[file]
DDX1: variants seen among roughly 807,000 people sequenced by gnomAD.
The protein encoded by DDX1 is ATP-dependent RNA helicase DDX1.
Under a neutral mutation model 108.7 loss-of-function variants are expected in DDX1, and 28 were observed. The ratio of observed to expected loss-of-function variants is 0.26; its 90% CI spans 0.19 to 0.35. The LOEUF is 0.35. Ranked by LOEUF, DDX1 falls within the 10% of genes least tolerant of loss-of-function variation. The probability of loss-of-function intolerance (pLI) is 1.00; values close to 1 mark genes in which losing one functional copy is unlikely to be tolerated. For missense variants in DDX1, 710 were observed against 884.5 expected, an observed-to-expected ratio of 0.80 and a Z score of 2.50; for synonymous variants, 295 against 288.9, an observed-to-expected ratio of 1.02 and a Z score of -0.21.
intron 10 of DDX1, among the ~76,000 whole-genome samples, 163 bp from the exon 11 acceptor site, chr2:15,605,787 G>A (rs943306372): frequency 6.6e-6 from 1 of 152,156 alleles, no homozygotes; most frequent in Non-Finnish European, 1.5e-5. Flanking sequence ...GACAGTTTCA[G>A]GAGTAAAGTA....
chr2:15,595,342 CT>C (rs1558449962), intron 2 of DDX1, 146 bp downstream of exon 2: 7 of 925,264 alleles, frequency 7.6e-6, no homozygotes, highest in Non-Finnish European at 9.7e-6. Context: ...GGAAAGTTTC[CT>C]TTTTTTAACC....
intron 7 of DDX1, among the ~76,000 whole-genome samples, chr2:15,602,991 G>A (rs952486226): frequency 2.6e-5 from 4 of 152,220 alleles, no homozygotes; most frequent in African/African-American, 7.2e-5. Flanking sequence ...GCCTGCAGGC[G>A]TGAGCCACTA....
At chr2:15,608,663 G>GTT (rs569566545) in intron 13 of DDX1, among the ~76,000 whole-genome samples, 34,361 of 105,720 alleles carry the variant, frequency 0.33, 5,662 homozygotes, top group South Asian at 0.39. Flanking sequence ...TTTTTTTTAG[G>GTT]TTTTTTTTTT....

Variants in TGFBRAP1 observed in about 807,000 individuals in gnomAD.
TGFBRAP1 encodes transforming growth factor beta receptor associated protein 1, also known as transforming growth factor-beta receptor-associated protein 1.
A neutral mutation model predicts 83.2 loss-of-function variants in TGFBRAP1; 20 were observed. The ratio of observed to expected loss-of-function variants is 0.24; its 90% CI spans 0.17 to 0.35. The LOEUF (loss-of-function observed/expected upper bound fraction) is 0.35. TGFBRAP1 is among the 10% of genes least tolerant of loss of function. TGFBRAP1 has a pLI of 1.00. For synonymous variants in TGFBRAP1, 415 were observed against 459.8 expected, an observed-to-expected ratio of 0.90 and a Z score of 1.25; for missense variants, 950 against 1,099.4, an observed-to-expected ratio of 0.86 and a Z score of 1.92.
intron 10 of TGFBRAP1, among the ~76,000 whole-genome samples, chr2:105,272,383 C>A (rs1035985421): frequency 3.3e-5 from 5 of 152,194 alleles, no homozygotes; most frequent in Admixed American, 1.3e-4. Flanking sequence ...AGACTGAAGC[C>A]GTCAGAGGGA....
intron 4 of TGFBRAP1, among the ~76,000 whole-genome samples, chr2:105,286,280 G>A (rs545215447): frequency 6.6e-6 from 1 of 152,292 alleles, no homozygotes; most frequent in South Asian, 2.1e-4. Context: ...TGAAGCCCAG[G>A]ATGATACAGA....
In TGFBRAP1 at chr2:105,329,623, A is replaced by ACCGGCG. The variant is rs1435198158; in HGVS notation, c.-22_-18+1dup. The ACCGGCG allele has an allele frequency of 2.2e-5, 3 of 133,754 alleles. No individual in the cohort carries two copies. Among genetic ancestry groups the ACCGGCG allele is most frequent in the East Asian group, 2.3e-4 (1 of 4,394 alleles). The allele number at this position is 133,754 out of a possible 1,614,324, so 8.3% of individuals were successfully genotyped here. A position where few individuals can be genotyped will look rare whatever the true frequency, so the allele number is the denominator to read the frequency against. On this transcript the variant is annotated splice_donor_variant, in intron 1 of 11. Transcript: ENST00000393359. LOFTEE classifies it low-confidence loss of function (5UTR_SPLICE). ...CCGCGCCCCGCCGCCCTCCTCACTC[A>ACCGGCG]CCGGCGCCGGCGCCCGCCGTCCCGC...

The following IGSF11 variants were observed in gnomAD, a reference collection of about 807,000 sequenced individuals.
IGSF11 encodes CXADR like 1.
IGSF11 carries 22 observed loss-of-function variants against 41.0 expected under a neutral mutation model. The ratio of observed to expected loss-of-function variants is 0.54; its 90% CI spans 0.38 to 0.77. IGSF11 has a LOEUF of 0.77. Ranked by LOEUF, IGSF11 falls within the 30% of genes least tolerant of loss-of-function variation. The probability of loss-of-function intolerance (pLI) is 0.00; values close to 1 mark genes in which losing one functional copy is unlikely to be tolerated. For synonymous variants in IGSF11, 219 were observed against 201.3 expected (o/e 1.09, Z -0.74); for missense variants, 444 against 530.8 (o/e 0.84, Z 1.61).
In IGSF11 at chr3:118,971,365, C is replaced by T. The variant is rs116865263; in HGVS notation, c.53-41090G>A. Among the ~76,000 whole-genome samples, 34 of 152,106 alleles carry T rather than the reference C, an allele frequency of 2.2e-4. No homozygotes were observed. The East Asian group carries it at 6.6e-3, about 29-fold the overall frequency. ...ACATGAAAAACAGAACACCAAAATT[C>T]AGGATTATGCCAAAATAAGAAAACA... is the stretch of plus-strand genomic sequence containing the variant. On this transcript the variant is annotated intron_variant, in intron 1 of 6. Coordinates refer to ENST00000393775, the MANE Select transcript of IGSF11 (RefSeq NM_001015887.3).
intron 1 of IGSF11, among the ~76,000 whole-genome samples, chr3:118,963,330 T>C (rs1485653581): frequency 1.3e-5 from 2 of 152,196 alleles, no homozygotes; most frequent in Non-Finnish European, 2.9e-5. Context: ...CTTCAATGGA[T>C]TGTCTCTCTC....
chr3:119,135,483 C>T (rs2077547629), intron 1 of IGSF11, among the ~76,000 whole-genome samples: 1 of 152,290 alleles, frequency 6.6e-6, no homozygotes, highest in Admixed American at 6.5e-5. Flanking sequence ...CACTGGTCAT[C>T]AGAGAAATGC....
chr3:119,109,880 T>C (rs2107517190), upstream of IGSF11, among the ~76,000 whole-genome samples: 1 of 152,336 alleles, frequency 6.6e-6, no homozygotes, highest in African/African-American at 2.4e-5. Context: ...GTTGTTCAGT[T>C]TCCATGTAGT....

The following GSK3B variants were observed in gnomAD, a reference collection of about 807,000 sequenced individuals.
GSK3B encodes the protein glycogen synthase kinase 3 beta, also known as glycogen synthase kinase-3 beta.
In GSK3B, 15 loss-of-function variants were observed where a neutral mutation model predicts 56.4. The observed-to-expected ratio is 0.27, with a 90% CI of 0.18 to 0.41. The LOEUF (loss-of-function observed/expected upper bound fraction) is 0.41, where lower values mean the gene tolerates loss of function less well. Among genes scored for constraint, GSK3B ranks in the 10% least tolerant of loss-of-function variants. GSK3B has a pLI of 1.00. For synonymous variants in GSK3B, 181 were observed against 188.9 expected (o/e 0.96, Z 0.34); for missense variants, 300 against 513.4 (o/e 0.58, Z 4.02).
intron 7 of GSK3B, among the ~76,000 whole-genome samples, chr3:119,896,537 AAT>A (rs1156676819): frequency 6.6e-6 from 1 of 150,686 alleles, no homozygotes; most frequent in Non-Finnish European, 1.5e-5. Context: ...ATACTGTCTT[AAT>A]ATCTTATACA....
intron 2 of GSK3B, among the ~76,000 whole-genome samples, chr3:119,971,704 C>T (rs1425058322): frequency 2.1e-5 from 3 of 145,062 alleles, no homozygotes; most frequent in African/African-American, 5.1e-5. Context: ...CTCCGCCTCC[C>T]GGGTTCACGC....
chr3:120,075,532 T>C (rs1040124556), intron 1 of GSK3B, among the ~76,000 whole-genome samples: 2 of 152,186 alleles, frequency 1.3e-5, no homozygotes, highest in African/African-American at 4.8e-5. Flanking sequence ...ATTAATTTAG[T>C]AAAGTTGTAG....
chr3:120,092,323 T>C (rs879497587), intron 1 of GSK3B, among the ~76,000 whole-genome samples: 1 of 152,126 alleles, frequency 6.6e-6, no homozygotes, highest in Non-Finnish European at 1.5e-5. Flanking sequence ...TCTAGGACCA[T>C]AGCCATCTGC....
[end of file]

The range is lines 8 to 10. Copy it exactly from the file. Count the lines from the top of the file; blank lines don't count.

Variants in TGFBRAP1 observed in about 807,000 individuals in gnomAD.
TGFBRAP1 encodes transforming growth factor beta receptor associated protein 1, also known as transforming growth factor-beta receptor-associated protein 1.
A neutral mutation model predicts 83.2 loss-of-function variants in TGFBRAP1; 20 were observed. The ratio of observed to expected loss-of-function variants is 0.24; its 90% CI spans 0.17 to 0.35. The LOEUF (loss-of-function observed/expected upper bound fraction) is 0.35. TGFBRAP1 is among the 10% of genes least tolerant of loss of function. TGFBRAP1 has a pLI of 1.00. For synonymous variants in TGFBRAP1, 415 were observed against 459.8 expected, an observed-to-expected ratio of 0.90 and a Z score of 1.25; for missense variants, 950 against 1,099.4, an observed-to-expected ratio of 0.86 and a Z score of 1.92.